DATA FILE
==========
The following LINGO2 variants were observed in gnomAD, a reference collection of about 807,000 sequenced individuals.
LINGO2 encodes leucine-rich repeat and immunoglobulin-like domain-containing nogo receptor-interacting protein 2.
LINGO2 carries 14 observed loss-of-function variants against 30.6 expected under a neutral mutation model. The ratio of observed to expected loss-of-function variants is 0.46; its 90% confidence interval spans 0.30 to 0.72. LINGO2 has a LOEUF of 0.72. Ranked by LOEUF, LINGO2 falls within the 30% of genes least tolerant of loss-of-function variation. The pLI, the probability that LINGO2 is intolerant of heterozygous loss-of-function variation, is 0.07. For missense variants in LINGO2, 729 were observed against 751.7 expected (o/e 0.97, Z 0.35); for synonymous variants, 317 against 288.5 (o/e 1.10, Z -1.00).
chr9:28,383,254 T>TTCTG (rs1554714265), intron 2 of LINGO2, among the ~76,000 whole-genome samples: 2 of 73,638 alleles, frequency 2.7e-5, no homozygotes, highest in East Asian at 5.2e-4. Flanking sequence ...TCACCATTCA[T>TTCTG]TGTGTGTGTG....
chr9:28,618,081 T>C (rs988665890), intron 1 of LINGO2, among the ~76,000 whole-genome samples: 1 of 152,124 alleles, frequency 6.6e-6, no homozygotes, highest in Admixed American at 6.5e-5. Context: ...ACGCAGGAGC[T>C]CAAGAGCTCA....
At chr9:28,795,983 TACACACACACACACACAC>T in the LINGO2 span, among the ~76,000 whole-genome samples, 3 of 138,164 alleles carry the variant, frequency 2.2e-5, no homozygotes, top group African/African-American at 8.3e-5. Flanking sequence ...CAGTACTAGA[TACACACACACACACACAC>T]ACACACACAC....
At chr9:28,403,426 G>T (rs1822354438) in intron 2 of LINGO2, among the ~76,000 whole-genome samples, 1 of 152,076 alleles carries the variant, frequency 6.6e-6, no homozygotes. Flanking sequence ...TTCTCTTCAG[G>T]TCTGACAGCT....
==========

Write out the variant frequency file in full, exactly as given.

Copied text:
The following LINGO2 variants were observed in gnomAD, a reference collection of about 807,000 sequenced individuals.
LINGO2 encodes leucine-rich repeat and immunoglobulin-like domain-containing nogo receptor-interacting protein 2.
LINGO2 carries 14 observed loss-of-function variants against 30.6 expected under a neutral mutation model. The ratio of observed to expected loss-of-function variants is 0.46; its 90% confidence interval spans 0.30 to 0.72. LINGO2 has a LOEUF of 0.72. Ranked by LOEUF, LINGO2 falls within the 30% of genes least tolerant of loss-of-function variation. The pLI, the probability that LINGO2 is intolerant of heterozygous loss-of-function variation, is 0.07. For missense variants in LINGO2, 729 were observed against 751.7 expected (o/e 0.97, Z 0.35); for synonymous variants, 317 against 288.5 (o/e 1.10, Z -1.00).
chr9:28,383,254 T>TTCTG (rs1554714265), intron 2 of LINGO2, among the ~76,000 whole-genome samples: 2 of 73,638 alleles, frequency 2.7e-5, no homozygotes, highest in East Asian at 5.2e-4. Flanking sequence ...TCACCATTCA[T>TTCTG]TGTGTGTGTG....
chr9:28,618,081 T>C (rs988665890), intron 1 of LINGO2, among the ~76,000 whole-genome samples: 1 of 152,124 alleles, frequency 6.6e-6, no homozygotes, highest in Admixed American at 6.5e-5. Context: ...ACGCAGGAGC[T>C]CAAGAGCTCA....
At chr9:28,795,983 TACACACACACACACACAC>T in the LINGO2 span, among the ~76,000 whole-genome samples, 3 of 138,164 alleles carry the variant, frequency 2.2e-5, no homozygotes, top group African/African-American at 8.3e-5. Flanking sequence ...CAGTACTAGA[TACACACACACACACACAC>T]ACACACACAC....
At chr9:28,403,426 G>T (rs1822354438) in intron 2 of LINGO2, among the ~76,000 whole-genome samples, 1 of 152,076 alleles carries the variant, frequency 6.6e-6, no homozygotes. Flanking sequence ...TTCTCTTCAG[G>T]TCTGACAGCT....